Year Released: 2013
MPAA Rating: Unrated
Running Time: 132 minutes
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The decision by NBC to broadcast a new live production of “The Sound in Music” in primetime last month was deserving of praise. In view of the increasingly puerile and violent programming that has submerged network television, the idea of putting aside an entire evening for a family-friendly offering of a theatrical classic was bold and daring.
Sadly, good intentions do not automatically translate into good productions, and NBC’s notion of “The Sound of Music” offers a cruel lesson of how a fatally miscast star can sink a show. In this case, Nashville icon Carrie Underwood was simply the wrong person to insert into the coveted role of Maria Von Trapp. Even without the legacies of Mary Martin and Julie Andrews looming in the popular imagination, the part of Maria calls for a singing actress who has the charisma to balance Broadway-style music, light comedy and airy melodrama – as well as a bit of Swiss-style yodeling for “The Lonely Goatherd” number.
As an actress, Underwood steamrolls through “The Sound of Music” with a constant look of wide-eyed bewilderment – an expression that would be perfect for playing Janet in a “Rocky Horror” remake, but inappropriate here. As a singer, she misses the sincerity and subtle playfulness of the Rodgers and Hammerstein score, to the point that her singing could be mistaken as a graceless phonetic presentation. As for the yodeling in “The Lonely Goatherd,” I wouldn’t be surprised if the goats turned the channel to watch “Two Broke Girls” reruns instead.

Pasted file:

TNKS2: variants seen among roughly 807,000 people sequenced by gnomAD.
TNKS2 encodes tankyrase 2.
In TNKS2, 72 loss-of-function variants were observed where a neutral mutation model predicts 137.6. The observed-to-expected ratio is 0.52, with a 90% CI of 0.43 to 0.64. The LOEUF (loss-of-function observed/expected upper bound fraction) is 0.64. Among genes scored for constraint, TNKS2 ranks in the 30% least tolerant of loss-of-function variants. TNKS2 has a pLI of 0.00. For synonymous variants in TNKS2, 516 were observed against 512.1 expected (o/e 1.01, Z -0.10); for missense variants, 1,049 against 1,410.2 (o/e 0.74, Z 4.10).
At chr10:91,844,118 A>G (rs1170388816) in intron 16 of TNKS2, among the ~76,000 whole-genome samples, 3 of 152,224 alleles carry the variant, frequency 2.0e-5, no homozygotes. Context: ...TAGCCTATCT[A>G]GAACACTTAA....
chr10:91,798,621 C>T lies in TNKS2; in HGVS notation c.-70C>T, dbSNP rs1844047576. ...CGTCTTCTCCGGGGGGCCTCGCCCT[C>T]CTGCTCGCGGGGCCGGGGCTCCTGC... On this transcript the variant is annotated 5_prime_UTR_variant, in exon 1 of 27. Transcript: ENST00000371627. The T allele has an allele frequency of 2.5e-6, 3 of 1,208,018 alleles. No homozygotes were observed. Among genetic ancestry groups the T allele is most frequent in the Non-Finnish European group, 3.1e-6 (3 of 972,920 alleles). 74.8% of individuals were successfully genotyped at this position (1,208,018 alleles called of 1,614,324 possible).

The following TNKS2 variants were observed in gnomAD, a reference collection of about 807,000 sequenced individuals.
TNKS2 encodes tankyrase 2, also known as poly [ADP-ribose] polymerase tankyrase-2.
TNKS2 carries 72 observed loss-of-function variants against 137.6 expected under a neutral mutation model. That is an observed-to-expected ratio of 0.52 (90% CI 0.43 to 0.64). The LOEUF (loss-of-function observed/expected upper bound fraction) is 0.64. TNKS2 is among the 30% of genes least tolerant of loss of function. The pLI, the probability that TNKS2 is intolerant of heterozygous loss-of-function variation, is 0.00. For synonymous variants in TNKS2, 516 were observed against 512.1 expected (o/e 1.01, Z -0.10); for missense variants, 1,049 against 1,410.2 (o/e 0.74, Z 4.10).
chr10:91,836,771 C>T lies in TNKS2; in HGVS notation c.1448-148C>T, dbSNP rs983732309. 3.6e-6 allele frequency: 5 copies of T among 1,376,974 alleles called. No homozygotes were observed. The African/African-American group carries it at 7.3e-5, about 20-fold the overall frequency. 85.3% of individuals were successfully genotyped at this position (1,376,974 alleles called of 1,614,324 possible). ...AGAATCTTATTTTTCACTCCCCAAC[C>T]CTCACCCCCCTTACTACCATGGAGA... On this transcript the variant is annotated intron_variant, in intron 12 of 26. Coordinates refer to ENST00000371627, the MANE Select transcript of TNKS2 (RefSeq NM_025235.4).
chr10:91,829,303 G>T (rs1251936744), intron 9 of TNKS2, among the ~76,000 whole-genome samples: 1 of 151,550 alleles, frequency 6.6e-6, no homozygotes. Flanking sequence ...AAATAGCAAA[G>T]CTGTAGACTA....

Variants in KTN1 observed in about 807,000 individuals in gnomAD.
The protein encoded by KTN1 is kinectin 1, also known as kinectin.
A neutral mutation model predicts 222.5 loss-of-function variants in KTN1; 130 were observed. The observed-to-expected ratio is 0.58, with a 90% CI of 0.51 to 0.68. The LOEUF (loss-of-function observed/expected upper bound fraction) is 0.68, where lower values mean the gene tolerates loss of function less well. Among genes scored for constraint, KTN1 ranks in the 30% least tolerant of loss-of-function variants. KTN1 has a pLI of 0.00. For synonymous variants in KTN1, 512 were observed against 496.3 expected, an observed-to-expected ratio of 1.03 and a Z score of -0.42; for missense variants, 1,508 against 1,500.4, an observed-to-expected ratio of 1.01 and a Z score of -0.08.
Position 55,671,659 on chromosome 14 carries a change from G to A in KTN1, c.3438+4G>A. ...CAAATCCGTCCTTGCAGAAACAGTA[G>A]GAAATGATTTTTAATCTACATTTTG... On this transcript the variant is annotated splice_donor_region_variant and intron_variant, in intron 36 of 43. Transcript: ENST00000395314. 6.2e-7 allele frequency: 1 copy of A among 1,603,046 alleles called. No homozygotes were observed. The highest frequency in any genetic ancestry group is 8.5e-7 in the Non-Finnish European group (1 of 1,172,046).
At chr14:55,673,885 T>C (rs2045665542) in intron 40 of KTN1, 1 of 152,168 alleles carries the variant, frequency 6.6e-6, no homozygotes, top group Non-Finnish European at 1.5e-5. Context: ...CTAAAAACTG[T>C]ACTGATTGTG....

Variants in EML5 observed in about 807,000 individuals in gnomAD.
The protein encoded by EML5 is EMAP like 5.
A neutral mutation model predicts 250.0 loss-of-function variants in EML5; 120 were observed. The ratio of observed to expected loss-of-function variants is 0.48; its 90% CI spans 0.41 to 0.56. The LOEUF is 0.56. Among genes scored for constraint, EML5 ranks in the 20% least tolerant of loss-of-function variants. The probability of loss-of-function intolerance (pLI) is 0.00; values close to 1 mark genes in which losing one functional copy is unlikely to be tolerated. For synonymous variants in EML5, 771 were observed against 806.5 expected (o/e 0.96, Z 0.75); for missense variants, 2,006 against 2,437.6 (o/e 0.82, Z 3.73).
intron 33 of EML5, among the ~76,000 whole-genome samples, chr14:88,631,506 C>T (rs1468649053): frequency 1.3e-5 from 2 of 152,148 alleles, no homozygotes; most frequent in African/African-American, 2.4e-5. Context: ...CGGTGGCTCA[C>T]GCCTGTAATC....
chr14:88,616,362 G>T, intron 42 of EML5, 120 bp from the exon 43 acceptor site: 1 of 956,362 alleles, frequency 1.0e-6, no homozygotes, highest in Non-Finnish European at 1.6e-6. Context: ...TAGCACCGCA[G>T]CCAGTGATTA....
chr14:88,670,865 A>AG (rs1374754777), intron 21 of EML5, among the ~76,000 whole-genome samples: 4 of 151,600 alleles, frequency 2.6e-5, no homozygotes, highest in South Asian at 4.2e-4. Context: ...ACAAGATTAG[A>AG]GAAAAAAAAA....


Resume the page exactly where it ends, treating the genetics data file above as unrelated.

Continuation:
Sadly, the rest of the production cannot overcome the resonance of Underwood’s disastrous central presence. Stephen Moyer’s Captain Von Trapp is too mild of a presence – and his singing is too weak – to add any sense of balance to the show’s romantic thread. Audra McDonald brings some much needed warmth and class to the proceedings with her rendition of “Climb Ev’ry Mountain,” but it is hard not to overlook that she is at least 25 years too young to play the aged Mother Superior. And the kids playing the Von Trapp offspring are typical Broadway tykes – a little too mechanically cute to be mistaken for the genuine article.
This DVD offering comes without the commercial interruptions that appeared during the original broadcast. This is too bad, because they were the most entertaining aspect of the evening’s presentation.
Posted on January 7, 2014 in Reviews by Phil Hall
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